Review this album
Jun 15, 2013Pop Punk notoriously tends to be a very immature genre. It's full of bands in their twenties, sometimes thirties, singing about teen heartbreak with fast drums and simple chords to go along with it. That's why, normally, there isn't a pop punk band that can actually make outsiders appreciate what the genre is or what it could be. If the genre stagnates, the only reason people will listen is for nostalgia and that's only if those people listened to those bands in their teen years. Outside listeners tend to disregard the genre, rightly so.
The Wonder Years is a band that defies pop punk. They're not comfortable with sitting in the same place. They don't sing about teen heartbreak. They've always tackled somewhat more important subjects to the same fast blistering generic sound. The Greatest Generation is an album for people in their twenties. That's something that can't be said for nearly every pop punk album ever released. While The Upsides tackled anxiety and depression the young generation experiences, Suburbia tackled dealing with your place in the world, The Greatest Generation tackles reaching the point of acceptance. Life isn't spelled out for you and you have to move along. It's about hoping that life can get better rather than marinating in your own problems and depression. While the sound isn't necessarily anything new, it's the best the genre has to offer. The singer Dan "Soupy" Campbell has always been the best part of the band, showing flashes of brilliance as a writer the past few years. Here, he drops some of the most quote-able and unique lines pop punk has ever produced. There is no equal lyricist in the genre. He's firmly ahead by a wide margin.
While at first the album might seem like the same old by first time listeners, staying with the album and listening to the lyrics will undoubtedly earn your respect. The Wonder Years doesn't make a perfect album, but the reason it gets a ten from me is because it takes a genre that couldn't be more immature and makes it accessibly mature. It's groundbreaking in the sense of pop punk itself. It pushes it to its limits and surpasses those limits.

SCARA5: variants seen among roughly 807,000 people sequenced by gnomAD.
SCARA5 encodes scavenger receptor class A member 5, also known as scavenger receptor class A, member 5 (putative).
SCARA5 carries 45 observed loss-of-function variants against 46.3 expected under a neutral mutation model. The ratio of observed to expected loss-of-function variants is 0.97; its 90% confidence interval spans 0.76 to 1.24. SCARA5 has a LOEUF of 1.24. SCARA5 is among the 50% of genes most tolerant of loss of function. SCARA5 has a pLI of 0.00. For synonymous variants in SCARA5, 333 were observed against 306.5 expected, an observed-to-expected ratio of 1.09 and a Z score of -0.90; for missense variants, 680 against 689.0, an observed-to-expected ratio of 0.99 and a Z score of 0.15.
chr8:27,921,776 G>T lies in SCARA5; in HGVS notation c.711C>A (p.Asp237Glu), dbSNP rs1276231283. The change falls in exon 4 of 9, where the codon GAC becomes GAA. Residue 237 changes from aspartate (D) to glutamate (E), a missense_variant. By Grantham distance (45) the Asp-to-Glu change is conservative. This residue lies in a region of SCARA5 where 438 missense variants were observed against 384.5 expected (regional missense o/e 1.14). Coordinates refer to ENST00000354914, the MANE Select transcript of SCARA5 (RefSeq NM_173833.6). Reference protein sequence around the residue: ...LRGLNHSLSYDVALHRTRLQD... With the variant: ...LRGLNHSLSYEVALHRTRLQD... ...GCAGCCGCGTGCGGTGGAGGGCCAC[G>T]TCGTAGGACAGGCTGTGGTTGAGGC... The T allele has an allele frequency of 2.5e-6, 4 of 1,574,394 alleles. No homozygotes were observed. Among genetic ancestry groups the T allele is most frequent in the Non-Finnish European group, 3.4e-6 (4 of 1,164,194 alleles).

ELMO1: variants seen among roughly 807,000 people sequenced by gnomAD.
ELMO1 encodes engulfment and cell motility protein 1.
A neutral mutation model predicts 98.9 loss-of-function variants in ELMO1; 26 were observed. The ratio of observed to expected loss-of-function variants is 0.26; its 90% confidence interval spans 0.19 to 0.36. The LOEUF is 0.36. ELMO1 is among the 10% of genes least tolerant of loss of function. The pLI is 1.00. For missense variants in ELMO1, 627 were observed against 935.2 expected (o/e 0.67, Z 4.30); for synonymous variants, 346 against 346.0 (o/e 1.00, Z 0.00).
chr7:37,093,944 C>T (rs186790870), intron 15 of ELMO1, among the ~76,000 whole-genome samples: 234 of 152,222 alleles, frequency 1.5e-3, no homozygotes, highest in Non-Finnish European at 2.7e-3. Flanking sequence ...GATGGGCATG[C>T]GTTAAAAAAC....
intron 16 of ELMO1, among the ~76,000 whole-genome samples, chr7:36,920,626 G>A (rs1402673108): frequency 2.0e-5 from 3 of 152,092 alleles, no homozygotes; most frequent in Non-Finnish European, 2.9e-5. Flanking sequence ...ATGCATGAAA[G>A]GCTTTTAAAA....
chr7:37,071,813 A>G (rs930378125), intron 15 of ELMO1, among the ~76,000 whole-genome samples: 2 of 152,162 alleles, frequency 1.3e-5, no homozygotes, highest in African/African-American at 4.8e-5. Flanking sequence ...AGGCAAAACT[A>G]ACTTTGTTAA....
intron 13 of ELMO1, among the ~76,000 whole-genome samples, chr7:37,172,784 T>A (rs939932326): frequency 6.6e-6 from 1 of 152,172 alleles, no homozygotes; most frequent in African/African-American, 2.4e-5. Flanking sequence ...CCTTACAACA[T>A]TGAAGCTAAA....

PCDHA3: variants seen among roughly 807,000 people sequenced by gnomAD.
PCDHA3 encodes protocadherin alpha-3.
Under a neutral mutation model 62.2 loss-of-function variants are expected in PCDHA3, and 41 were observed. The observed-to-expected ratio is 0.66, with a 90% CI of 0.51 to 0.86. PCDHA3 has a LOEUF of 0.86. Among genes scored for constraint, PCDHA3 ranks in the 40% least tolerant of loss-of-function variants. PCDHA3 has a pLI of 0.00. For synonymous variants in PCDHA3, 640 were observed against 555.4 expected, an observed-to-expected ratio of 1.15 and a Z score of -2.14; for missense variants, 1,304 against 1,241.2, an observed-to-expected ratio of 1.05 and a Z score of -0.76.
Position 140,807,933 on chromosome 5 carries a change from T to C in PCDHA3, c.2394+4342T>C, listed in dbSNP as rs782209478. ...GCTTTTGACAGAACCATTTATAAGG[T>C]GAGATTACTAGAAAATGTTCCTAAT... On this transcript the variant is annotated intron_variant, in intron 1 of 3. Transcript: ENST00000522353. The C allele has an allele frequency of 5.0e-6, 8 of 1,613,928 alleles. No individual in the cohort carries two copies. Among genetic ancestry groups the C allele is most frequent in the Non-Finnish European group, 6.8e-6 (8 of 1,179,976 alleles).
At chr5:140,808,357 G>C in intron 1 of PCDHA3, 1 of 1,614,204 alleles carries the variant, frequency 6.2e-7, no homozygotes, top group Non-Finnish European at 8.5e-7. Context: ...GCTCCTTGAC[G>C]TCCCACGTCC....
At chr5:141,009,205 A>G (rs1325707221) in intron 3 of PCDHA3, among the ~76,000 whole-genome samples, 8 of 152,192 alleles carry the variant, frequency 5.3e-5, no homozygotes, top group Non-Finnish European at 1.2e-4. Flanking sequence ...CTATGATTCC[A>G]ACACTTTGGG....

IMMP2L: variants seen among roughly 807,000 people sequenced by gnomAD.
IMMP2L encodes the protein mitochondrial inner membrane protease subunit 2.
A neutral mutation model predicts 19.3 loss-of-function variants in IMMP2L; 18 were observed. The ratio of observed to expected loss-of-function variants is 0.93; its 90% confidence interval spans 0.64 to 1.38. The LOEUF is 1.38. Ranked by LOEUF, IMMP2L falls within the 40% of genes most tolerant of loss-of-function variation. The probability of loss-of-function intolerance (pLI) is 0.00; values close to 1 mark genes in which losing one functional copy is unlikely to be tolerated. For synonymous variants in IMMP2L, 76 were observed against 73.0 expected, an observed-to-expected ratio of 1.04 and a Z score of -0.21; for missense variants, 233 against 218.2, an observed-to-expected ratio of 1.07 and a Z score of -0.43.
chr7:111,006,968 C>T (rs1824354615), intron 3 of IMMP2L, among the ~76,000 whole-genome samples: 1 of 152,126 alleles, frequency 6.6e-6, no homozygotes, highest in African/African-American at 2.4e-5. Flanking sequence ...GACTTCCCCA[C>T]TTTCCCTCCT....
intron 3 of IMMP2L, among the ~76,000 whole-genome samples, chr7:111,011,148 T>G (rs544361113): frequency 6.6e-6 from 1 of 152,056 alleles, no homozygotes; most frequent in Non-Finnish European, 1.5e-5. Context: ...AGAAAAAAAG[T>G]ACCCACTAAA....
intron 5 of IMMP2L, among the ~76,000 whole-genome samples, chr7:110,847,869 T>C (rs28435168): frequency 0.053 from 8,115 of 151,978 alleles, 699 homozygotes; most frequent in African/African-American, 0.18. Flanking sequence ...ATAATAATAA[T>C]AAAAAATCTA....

One of the best things that can be said is that this album might inspire future generations and change the genre for the better. Pop Punk might never be the same again. It might even become respectable. When people in the future look at pop punk and wonder when it all changed, they'll find the The Greatest Generation. A well crafted mature record that defied its own genre.… Expand
Jul 12, 2013I also had high hopes due to the metascore, but, then, when I listened to it, I realized I had been duped. Song after song after song of a similar guitar hook, followed by a chorus with high-pitched yell singing and several instruments jamming together. There is one reprieve acoustic song in Madelyn (thank goodness). The last two encore songs have a familiar guitar hook, followed by a chorus with high-pitched yell-singing and several instruments jamming together. I dare anyone to randomely skip from song to song and try and quickly identify any particular title. qrobur had it spot on...this is a standard identikit pop-pump album and worse than brittany spears. Those giving it a "10"? It must be right there with London Calling and Led Zeppelin IV.… Expand
Jun 5, 2013Having seen the Metacritic score and being an enthusiast for punky noise, I had reasonably high hopes for 'The Greatest Generation'. Alas, it proved to be no more than your standard, identikit pop-punk A hundred other groups can and do make the same noise and more or less write the same songs. It's competently played, it's quite well produced, nothing offends the ear and I'm quite sure my mother wouldn't mind listening to it. Well, she'd be welcome to it; this tedious album won't be getting any more of my time.… Expand